In the Trenches

Thoughts and Ideas from a Classroom Teacher

Responding to Non-Fiction

We are starting school-wide flexible guided reading groups on Monday, and I’ve been working today on my plans. I’ve found a text on clouds that addresses our current science objectives and it goes through the comprehension strategies that we’ve been studying in English/Language Arts, too. Woot! I get really excited when that happens. Some of you know exactly how awesome that is.


Any ways, one of the tenets of reading non-fiction is have purpose and focus. I love this “Responding to Non-Fiction” graphic organizer that can be used with lots of different texts. I use it frequently, and I really like how it makes the students apply background knowledge, consider questioning as a technique and analyze text features.


Check it out!

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School House Rock

Do you remember watching and learning with School House Rock as a kid? Believe it or not, despite the crazy technological advances of today, kids still love them! I knew they were all on You Tube, but my school’s filter blocks YouTube. Finally, I found this collection of many of the School House Rock videos at SqoolTools. If you click on the “filmstrip,” it will take you to the video. If you click on the song title, it will give you the lyrics. Check it out!


One idea to try with your students is to let them watch a particular video three or four times. For example, when my third graders were learning their times tables, they used the “Three Is a Magic Number” to help them out. I divided them into groups and let them come up with a routine to the song, and they made “music videos” to go with each song, which I recorded with my flip camera. They did an awesome job, not to mention mastered their three’s times tables!

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Human Body Fun

This year marks the transition for all 5th graders in North Carolina to the new Essential Standards from NC DPI. One of the concepts moving into fifth grade is the human body, which I love to teach. Check out this awesome resource on Squidoo with oodles of resources for teaching all about body systems. Click the picture or HERE to go straight to the site!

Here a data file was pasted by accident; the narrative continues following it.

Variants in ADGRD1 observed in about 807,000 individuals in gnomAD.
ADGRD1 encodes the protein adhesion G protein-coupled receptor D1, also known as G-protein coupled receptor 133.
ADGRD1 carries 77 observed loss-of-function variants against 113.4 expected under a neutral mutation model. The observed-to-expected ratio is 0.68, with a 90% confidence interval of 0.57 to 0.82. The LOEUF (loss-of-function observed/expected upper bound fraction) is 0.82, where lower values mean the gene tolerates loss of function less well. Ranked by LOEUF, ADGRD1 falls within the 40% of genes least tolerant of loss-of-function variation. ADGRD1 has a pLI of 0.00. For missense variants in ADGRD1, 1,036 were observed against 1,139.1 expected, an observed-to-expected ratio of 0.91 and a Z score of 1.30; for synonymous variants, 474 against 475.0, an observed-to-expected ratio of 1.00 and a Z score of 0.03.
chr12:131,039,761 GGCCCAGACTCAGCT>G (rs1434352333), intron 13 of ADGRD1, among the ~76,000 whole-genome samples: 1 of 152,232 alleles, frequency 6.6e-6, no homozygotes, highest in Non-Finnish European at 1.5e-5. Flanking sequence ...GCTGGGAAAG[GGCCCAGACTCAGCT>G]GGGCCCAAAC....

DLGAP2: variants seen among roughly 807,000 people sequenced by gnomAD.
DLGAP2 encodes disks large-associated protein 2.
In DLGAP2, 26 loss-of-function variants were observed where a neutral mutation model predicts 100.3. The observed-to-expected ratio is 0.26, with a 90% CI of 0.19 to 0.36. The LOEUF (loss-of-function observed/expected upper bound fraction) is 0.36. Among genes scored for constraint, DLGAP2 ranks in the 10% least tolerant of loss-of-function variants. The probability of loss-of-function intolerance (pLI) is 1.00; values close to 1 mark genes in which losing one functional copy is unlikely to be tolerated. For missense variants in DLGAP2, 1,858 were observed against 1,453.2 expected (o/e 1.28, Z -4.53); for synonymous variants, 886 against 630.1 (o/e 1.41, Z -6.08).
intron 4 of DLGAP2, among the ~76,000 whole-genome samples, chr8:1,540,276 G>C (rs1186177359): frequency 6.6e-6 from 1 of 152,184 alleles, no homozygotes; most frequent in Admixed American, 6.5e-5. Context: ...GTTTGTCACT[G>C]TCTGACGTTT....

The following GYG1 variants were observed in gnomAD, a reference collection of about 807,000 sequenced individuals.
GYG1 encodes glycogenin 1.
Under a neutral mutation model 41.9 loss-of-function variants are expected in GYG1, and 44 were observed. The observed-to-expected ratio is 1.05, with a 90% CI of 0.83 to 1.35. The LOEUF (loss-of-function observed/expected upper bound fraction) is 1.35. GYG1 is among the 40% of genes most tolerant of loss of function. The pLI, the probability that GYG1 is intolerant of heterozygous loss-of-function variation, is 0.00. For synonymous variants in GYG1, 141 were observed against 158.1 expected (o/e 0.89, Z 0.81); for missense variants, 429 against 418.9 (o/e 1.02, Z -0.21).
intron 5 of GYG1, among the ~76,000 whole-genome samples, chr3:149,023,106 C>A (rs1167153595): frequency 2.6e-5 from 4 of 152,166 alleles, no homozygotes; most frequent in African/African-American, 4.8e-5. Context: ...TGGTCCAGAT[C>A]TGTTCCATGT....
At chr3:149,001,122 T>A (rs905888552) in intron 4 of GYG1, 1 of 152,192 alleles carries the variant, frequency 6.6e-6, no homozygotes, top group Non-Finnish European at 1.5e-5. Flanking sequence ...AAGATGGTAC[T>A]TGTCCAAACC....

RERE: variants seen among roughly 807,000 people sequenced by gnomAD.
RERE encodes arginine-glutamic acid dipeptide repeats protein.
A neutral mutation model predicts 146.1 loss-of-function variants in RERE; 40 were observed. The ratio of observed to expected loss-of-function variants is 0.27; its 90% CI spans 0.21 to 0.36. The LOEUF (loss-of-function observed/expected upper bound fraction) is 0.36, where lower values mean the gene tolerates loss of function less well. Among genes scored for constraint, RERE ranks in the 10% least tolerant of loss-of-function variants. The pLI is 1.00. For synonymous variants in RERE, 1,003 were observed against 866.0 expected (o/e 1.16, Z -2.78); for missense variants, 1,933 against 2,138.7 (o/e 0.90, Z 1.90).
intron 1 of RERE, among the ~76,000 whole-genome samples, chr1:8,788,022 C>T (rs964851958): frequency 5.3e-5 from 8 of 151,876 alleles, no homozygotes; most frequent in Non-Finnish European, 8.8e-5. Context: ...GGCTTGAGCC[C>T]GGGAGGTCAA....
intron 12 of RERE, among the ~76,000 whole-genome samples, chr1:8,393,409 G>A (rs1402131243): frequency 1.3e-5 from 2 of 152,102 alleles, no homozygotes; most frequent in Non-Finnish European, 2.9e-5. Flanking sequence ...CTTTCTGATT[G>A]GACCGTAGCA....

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Olympics Fun

I always love the years that the Olympics come around because they are such a great learning opportunity for children, the world over. This summer’s Olympic games will be completed before we head back to school, so I’m trying to find ways to bring them into the classroom anyways.



Some things I might try…


  • Math Olympics game at Math Playground
  • AIMS Math Events for Olympics
  • Have students create their own graphs of the final medal counts of different countries and compare, find range, median, mean and mode
  • Calculate the distances that different athletes traveled to get to the games in London


  • Divide up the class into country groups to research about different countries that entered the Olympics
  • Choose an Olympian to research. Create a timeline of the Olympian’s life.
  • Take a virtual tour of the Olympic village.
  • Research the first Olympics in Ancient Greece.
  • Watch the Time Warp Trio’s “My Big Fat Greek Olympics” and do related activities





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Science? Why Not?

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Snowball Fights

Today we had a 2 hour delay because of snow and ice. When you live on the side of a mountain, it doesn’t take much of either one to cause a bit of havoc. When I got to school, I was putting up some new science vocabulary on my word wall, and it got me thinking about one of my favorite vocabulary review strategies… SNOWBALL FIGHTS!

This one is quick and easy. Type (or write) your vocabulary words so there are two words per standard size sheet of paper. Cut the paper in half. On another color paper, I get a kick out of using yellow (heehee), write definitions or sentences that go with each of the words. Cut these in half also. Mix up the words and definitions, and hand out the papers to your students. Enjoy their faces when you tell them to ball up the paper. Explain to the students that you are going to have a snowball fight. When you call time, each student should pick up the nearest snowball, open it, and find its mate of a different color. You can repeat this several times in one session, and the kids love it. FYI, if it’s a nice day, go outside. Snowballs don’t roll under things that way.


This activity works beautifully with vocabulary words, but it’s also great for multiplication facts, math problems, standard form and word form, equivalent fractions, symbols and their meanings, and more. Your students can also make their own snowballs. If you give them two half-sized sheets of paper, they can make up their problem on one side and put the solution on the other.

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Hi. My name is Kelly. And I love a foldable.


There are so many awesome things to do with foldables in the classroom at any age and with any curriculum area. Here are my top five reasons why.


1. Once the kids learn how to make one style, it can be used a hundred times in a hundred different ways.